“Don’t worry about failure you only have to be right once.”
– Drew Houston, Co-founder of Dropbox
Everybody wants to be their own boss and succeed but success is not something that comes without hard work. In a Harvard business review study by Shikhar Gosh, it was found that 1 in 4 start ups that found venture capital still failed. It is a well known fact in the entrepreneurial world that not every idea will strike gold; in fact most successful start ups aren’t a founder’s first attempt at success, according to CB insights 70% of tech startups fail with the statistic being even worse for hardware startups at 97%. So, what is it that differentiates a failed startup from a success, what are the main reasons for failure that you can try to avoid?
Firstly and overwhelmingly, accounting for 42% of failed startups, there is no market need for that product. When you begin a startup make sure there is sufficient market need for the product and that the market will remain viable for future years as well, try to find a market where the need will only continue to grow so that there is always a consumer base for you to attract. Without a large enough user base and demand for the product it is only a matter of time before the startup starts running on a deficit with not enough room to grow and has to shut down.
Another key factor for success that failed startups lack is that they simply have the wrong team; a startup consists of far more than just the CEO and while there is a criterion that the CEO too must meet if the team is not suitable the startup will face several issues. Firstly the team as a whole must have a clear view of what they want to achieve and have a vision of what their product is while they develop it. If there is more than one founder they must both have the same vision for the product as later down the road this could lead to conflict between them. The team should consist of competent members, who want to see the product succeed, and are well equipped to handle any financial or legal issues. A well functioning team can push even a mediocre product into market but a splintered team is almost always destined to fail.
A growing problem for startups today is the sheer amount of competition they face, not only from startups with a similar product but from all startups in general. Due to the growing saturation of startups in the market investors have the luxury to be far pickier in what they choose to invest in, a startup may be the best in its specific market due to a shear lack of competition but if it lacks the same potential for success as another startup it will face more issues while attempting to raise venture capital simply due to the fact it will be less desirable overall.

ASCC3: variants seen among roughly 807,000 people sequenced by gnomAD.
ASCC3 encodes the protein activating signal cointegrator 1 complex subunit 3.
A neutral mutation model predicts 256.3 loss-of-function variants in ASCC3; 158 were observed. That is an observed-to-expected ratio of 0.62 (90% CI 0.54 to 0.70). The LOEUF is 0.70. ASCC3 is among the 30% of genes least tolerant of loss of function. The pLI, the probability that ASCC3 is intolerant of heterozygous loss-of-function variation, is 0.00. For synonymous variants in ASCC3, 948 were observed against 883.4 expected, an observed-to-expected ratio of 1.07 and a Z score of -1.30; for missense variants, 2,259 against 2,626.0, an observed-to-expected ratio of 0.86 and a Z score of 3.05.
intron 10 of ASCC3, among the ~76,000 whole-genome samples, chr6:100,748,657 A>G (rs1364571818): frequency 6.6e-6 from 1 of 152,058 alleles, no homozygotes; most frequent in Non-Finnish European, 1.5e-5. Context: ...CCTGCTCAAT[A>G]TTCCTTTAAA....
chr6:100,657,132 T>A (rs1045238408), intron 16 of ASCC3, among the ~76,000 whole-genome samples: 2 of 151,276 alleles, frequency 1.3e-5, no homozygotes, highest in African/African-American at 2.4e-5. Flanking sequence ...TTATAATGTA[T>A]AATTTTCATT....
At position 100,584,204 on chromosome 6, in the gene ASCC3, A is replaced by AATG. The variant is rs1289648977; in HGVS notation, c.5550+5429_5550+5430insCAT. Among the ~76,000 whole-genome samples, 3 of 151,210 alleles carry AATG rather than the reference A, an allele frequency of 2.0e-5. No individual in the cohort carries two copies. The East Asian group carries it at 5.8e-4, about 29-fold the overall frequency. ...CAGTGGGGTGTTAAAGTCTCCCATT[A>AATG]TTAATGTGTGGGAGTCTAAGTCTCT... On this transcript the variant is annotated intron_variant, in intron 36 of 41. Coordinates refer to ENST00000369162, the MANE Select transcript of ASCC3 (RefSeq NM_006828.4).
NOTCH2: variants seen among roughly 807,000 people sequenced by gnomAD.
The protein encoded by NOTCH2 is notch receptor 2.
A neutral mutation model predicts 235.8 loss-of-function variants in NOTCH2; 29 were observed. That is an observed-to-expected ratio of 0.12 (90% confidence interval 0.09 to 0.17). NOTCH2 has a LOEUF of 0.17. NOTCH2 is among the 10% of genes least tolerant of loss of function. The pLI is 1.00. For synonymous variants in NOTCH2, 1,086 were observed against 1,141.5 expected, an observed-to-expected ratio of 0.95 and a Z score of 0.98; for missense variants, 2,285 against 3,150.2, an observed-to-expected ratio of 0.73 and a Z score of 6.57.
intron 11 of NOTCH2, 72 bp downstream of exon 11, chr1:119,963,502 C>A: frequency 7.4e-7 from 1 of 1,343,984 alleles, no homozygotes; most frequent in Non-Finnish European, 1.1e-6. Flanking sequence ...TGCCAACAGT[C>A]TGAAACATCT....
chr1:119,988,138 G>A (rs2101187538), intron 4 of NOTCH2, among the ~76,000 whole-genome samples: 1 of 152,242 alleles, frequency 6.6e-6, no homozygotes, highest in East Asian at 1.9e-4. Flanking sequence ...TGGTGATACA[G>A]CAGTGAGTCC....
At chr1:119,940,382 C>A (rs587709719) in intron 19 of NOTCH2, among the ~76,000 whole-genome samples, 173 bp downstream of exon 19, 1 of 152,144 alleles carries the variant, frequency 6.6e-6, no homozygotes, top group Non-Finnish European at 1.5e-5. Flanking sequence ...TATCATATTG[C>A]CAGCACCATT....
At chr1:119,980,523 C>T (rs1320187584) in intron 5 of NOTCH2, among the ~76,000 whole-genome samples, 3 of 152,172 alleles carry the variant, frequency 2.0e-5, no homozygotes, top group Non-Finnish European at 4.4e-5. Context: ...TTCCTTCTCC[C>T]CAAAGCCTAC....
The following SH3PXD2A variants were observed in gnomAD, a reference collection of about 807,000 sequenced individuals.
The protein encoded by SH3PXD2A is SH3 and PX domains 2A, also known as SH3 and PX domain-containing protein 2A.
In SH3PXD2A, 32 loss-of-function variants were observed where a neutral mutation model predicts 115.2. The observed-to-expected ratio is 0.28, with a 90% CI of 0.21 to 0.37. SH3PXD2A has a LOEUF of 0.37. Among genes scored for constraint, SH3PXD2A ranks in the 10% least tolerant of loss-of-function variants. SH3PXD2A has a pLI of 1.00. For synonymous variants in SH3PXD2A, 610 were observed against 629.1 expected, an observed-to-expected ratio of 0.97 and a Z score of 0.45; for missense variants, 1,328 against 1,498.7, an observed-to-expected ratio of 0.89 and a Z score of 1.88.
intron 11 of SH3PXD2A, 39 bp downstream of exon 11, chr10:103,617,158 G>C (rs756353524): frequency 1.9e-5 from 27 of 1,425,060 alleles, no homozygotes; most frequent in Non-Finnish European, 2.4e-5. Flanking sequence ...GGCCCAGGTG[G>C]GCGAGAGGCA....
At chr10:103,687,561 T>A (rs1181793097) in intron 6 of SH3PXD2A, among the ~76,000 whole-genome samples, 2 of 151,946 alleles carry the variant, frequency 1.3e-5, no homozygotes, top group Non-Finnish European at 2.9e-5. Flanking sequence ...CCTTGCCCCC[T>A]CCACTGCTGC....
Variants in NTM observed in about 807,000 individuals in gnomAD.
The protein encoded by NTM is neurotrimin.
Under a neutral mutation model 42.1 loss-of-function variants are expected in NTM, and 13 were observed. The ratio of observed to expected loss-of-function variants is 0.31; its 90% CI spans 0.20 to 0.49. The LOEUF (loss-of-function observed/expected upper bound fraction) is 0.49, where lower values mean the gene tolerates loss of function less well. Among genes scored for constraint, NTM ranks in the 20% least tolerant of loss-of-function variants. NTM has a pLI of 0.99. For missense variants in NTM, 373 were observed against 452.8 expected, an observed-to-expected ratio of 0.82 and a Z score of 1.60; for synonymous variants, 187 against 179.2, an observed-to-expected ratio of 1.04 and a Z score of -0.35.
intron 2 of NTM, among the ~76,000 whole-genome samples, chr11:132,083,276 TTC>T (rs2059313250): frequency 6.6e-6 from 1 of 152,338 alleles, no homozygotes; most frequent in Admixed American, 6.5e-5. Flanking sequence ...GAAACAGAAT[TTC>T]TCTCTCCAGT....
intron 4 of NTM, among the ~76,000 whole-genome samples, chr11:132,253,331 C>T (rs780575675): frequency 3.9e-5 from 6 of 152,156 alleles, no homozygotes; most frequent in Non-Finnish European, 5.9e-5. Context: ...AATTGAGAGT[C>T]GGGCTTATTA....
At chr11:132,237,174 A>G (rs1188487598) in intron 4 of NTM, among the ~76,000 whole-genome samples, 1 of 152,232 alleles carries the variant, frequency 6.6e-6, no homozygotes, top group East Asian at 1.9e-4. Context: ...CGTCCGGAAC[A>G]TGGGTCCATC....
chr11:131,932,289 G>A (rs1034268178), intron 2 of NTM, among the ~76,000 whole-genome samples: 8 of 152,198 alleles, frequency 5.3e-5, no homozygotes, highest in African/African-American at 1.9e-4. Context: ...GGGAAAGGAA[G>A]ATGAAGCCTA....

A crucial part of startups that is sometimes over looked in the rush to gather funding and put a product out to market as fast as possible is the business side of it all. Founders should be well versed in business terms and their own revenue and sales figures when they go out for their series A investments so that they can provide a clear picture to the investors and convey everything they need to with easy. A realistic and achievable business model is also a must as it provides the investor with an idea of what sort of returns they can expect.
To increase the chances of your startup succeeding the most important thing is to have a unique product, this automatically eliminates the chances of getting out-competed by a similar product. According to a study by CB Insights 19% of startups that fail shutdown because they get out-competed, having a unique product gets rid of this risk, and has the added benefit of being more appealing to investors simply because it’s unique. The world is always looking for the next big thing and by standing out and being different you increase the chances of your startup getting noticed and succeeding, after that it depends on the quality of your product, its market demand and its marketing and branding. A unique product with true scope may not be able to come to fruition the same way as you imagined so don’t be afraid to pivot if you truly believe that the product has the capacity to succeed. A good example of this would be YouTube which originally started as a dating site where you would upload small clips of yourself to find and ideal partner, they realized that they could expand beyond that and did just that until they were eventually acquired by Google.
Success may not come on the first try or even the second or third tries but it is your job to keep trying until it does. With a unique product that has a sufficient demand all you need is a determined team and a clear vision of what you want to create your chances of succeeding increase exponentially, success is never guaranteed but as the Roman philosopher Seneca said, “luck is what happens when preparation meets opportunity”, so make sure to be prepared and try again if you fail.
Disclaimer: This article is written by Saad Faizan Masud.
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